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The Theatreguide.London Review

A Christmas Carol
Noel Coward Theatre  Winter 2015-2016

I have to preface this review with a warning. I saw a strikingly poor performance of this show, and sincerely hope I just caught everybody on a bad day, and that you might have an entirely different experience.

But there is a minimum level of quality below which a West End production has no right to fall, and what I saw flirted dangerously with that line.

It is clear that Patrick Barlow's adaptation of the Dickens story is not intended to be a mock-disaster along the lines of The Play That Goes Wrong or Barlow's own Ben Hur, in which fully professional and competent actors play amateurs bumbling through a bad performance. 

And yet that is what A Christmas Carol too often looks like. 

Everyone in the cast takes a turn missing a cue or jumping a cue, and every scene has a moment of awkward silence as if nobody remembers whose line it is, followed by two people talking at once, to fill the gap. 

Actors repeatedly find themselves standing in the wrong place, and have to move out of somebody's way or turn to find the person they're supposed to be talking to. 

The general effect is of a cast in an early rehearsal without a director, trying to fumble their way through. 

And it pains me to report that the usually reliable and near-National-Treasure Jim Broadbent is one of the worst offenders. 

Broadbent gives the impression of living the Actor's Nightmare of finding himself onstage in a play he doesn't know. He constantly faffs and fumbles, vamping until he can find his way to some approximation of the right lines, and he is almost always in the wrong place onstage. 

I have to re-assert that I am not attempting a hatchet job here. Jim Broadbent is an actor I have always admired and enjoyed, and I tried very hard to believe that he was deliberately creating a very odd characterisation of Scrooge.

But no, he was just lost, and the most generous thing I can say is that so was everyone else. 

And other things about the play and production don't work either. Patrick Barlow's script and Phelim McDermott's staging have a magpie quality, trying and then immediately discarding a string of production styles and devices.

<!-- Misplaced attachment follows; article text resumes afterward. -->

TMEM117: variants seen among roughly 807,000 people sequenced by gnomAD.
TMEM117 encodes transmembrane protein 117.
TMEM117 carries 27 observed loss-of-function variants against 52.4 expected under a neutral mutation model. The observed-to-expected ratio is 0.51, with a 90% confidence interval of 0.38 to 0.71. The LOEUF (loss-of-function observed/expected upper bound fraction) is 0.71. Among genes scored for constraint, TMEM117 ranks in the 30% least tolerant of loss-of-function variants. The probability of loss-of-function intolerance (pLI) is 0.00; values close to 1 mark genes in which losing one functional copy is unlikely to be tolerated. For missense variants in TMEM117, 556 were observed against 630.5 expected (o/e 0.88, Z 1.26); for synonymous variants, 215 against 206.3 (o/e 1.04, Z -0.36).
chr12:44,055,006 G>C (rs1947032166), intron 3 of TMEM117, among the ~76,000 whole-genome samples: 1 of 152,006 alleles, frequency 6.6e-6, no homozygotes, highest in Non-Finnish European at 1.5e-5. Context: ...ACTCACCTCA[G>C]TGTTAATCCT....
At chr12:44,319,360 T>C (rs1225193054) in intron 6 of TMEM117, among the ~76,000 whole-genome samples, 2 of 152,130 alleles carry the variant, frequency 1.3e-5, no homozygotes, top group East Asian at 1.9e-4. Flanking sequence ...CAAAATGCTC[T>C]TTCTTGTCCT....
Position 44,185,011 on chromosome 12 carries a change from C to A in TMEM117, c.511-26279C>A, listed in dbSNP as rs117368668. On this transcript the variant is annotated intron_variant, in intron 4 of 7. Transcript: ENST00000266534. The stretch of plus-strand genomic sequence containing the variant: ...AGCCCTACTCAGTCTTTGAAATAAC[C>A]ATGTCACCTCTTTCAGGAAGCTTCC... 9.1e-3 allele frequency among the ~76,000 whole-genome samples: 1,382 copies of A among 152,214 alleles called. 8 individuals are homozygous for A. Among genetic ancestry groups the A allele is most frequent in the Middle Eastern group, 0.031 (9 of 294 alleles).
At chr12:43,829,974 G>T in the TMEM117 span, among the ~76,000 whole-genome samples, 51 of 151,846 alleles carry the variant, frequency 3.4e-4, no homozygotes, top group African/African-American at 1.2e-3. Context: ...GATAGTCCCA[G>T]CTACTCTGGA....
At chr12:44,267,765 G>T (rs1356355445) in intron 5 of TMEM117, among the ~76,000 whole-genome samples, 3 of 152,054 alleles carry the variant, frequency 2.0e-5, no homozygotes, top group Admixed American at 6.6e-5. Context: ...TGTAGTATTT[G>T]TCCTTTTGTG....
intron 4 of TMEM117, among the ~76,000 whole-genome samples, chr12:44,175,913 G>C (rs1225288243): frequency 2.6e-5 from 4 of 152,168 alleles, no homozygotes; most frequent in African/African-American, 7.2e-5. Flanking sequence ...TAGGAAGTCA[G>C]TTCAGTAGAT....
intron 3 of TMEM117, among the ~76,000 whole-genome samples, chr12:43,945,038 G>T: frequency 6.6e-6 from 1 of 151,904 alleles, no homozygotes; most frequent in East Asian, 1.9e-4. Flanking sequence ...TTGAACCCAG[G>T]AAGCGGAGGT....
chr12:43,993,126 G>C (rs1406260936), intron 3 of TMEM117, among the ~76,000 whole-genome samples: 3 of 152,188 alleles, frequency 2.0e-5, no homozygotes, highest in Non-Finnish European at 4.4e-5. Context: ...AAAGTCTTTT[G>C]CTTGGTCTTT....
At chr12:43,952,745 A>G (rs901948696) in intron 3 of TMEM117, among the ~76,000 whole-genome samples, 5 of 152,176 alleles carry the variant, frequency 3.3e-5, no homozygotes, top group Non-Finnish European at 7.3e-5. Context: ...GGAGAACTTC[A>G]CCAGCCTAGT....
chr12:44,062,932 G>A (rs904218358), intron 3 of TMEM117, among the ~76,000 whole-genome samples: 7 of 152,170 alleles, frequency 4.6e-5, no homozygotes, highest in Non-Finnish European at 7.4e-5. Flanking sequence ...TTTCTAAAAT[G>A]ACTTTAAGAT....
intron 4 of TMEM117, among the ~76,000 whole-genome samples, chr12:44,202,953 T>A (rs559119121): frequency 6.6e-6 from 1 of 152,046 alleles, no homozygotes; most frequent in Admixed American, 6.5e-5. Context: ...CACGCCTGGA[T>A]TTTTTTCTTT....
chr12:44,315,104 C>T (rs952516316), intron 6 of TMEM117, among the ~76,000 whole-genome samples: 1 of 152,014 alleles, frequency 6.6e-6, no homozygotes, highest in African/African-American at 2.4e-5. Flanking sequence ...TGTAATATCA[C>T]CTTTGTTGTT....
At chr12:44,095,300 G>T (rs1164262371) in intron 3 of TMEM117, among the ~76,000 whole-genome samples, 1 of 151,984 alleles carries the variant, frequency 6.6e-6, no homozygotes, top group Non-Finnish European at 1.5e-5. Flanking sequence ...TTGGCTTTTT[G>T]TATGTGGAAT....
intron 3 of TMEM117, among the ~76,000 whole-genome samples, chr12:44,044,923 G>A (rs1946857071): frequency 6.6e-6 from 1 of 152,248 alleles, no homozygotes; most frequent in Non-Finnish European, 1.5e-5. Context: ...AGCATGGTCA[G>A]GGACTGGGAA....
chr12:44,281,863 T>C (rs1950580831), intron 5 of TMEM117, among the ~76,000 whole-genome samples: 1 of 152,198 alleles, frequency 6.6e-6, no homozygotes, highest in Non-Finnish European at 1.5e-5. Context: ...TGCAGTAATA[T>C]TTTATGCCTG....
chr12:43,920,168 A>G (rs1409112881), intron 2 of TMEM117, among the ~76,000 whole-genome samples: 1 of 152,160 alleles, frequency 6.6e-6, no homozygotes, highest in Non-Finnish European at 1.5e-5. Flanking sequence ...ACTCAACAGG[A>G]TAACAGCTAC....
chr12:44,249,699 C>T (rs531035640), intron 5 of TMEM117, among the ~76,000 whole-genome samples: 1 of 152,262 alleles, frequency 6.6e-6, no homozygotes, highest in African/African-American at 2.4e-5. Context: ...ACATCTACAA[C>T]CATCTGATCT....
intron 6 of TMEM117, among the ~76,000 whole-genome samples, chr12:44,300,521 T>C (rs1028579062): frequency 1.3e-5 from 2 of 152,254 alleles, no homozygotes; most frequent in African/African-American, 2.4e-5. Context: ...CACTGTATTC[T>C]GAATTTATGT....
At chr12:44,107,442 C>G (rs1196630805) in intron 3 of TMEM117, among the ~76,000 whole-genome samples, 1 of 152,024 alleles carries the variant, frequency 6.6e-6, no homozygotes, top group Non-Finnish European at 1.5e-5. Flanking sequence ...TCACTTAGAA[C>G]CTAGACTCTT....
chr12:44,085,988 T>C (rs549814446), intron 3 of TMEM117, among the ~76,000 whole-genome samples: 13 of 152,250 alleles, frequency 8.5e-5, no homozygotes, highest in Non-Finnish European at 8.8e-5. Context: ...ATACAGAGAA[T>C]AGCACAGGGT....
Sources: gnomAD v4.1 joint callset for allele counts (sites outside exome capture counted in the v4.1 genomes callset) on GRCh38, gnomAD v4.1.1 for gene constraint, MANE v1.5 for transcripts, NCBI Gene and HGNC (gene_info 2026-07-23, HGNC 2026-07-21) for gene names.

The play opens with a bit of Nicholas-Nickleby-type narration but then drops the technique until the final moments. There's a bit of shadow puppetry, some more onstage puppetry, a bit of theatrical in-joking, a bit of panto-style audience involvement, a bit of angry social comment. 

But none of these is carried through to become the governing style or tone of the show, and the ending is just a jumble. 

And the styles and staging devices are very uneven. Representing the Cratchit children by a row of talking hats is a nice bit of stage magic, but the shadow puppetry doesn't work at all (a misplaced light?). 

There's a very clever and funny gimmick to make Scrooge and the ghosts fly, but it is repeated too many times, to rapidly diminishing effect. Christmas Past seems to have wandered in from some other play and Yet To Come is a giant puppet its puppeteers have trouble operating. 

Only Samantha Spiro as Christmas Present brings any real life and fun to the show, by playing her as a jolly Barbara Windsor. 

I really do hope that what I saw was a one-off and that you will have a better experience. You, Dickens and the hard-working if under-rehearsed actors deserve that.

Gerald Berkowitz

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Review - A Christmas Crol - Noel Coward Theatre 2915  

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